On the 5 May 1972, H.M. The Queen and the Duke of Edinburgh opened Leighton Hospital which would open the doors to a larger audience than had previously been available at the Cottage Hospitals and an old people’s home. This new hospital had a headphone system for patients to listen to national and local radio but at the time did not have a link to Hospital Radio. However, plans were being looked at to include the new hospital in their broadcasts and things were looking up for the South Cheshire Hospital Broadcasting Service as it had been renamed. Between the 15 and 16 March 1975 the station was forced to stop broadcasting due to the theft of equipment from their studio at the Coppenhall Hospital including the tape library of music and items. Security was an issue at Coppenhall and the NHS thought it would be better to move the studio to the Memorial Hospital and so on the 3 October 1975 the Hospital Broadcasting Service held an “Open Evening” at their new studio at the Crewe Memorial with the official opening on the 15 January 1976 when David Davis (Later the Head of the FA) and Nick Clarke (Who became a BBC Radio 4 Presenter), who were at the time both working for “Look North” in Manchester, performed the opening ceremony.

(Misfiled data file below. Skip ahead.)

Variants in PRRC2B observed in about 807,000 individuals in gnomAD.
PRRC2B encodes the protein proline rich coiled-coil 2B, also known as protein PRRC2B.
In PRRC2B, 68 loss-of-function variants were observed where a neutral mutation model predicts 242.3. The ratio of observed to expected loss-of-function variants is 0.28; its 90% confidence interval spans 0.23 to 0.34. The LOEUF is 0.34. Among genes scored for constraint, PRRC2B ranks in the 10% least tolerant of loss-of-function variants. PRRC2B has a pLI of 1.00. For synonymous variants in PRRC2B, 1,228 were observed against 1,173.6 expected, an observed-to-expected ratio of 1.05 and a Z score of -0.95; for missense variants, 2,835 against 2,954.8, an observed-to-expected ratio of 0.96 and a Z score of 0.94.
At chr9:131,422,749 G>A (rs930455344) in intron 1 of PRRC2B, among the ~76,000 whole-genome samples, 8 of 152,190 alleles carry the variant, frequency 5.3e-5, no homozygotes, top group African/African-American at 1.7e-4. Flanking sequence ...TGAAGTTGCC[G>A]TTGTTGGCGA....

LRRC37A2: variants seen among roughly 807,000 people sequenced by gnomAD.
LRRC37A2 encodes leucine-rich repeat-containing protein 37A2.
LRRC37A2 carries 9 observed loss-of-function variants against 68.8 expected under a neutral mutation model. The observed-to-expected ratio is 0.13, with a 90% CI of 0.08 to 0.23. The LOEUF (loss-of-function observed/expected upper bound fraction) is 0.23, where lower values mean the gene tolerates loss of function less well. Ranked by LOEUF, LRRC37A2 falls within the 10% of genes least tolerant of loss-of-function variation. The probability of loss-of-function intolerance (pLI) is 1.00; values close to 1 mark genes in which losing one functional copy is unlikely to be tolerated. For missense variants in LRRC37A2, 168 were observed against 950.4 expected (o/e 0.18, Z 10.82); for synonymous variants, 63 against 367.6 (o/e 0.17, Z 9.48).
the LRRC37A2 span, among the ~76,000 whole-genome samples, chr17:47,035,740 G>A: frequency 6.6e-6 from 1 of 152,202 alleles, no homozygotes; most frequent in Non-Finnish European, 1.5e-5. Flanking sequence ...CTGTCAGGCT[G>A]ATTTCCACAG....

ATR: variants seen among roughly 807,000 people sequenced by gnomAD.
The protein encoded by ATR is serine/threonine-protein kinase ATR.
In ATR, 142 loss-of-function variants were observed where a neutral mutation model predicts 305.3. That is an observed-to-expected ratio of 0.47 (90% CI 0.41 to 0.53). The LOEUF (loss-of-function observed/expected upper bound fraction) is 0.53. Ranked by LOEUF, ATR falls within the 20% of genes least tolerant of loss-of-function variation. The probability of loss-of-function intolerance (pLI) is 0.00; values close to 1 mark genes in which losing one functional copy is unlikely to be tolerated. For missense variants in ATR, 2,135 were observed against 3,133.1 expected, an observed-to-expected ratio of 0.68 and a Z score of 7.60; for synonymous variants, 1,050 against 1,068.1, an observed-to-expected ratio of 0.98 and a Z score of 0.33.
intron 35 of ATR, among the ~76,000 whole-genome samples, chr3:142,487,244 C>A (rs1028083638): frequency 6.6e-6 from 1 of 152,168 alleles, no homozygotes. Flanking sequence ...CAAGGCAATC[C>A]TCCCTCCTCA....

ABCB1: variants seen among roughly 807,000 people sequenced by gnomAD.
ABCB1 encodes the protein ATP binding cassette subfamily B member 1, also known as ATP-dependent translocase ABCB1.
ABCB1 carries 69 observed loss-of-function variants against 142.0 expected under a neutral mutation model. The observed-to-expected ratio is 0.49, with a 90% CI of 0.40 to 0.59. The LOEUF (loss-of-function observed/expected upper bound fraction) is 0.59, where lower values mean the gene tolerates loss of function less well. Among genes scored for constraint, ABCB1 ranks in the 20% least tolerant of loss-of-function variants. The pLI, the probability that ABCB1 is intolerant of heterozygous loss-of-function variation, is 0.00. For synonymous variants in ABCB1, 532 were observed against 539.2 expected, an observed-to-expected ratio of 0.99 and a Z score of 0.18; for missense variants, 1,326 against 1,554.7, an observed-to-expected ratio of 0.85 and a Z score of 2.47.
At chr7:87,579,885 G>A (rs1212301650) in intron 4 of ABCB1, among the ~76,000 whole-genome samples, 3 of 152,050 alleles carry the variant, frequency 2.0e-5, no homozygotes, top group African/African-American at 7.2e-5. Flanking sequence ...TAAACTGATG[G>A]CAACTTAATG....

Changes to the NHS in Crewe would lead to the closure of the Cottage Hospitals in the town and at Nantwich where the Barony would be downgraded and become an administration building with a few beds. This would also become the new home of Hospital Radio and would for the first time have a link to Leighton Hospital via a land line specially dedicated for use by Hospital Radio.
On the 3 August 1981, the new studio at the Barony Hospital was ready to be occupied and it was decided to close the Coppenhall Studio on the 7th of August 1981 so that equipment could be moved to the Barony ready for the first broadcast on the 26 October 1981.
However, like the launch of BBC 2 Television the opening night didn’t quite go to plan as there was a line fault with the link to Leighton and the broadcast was not heard.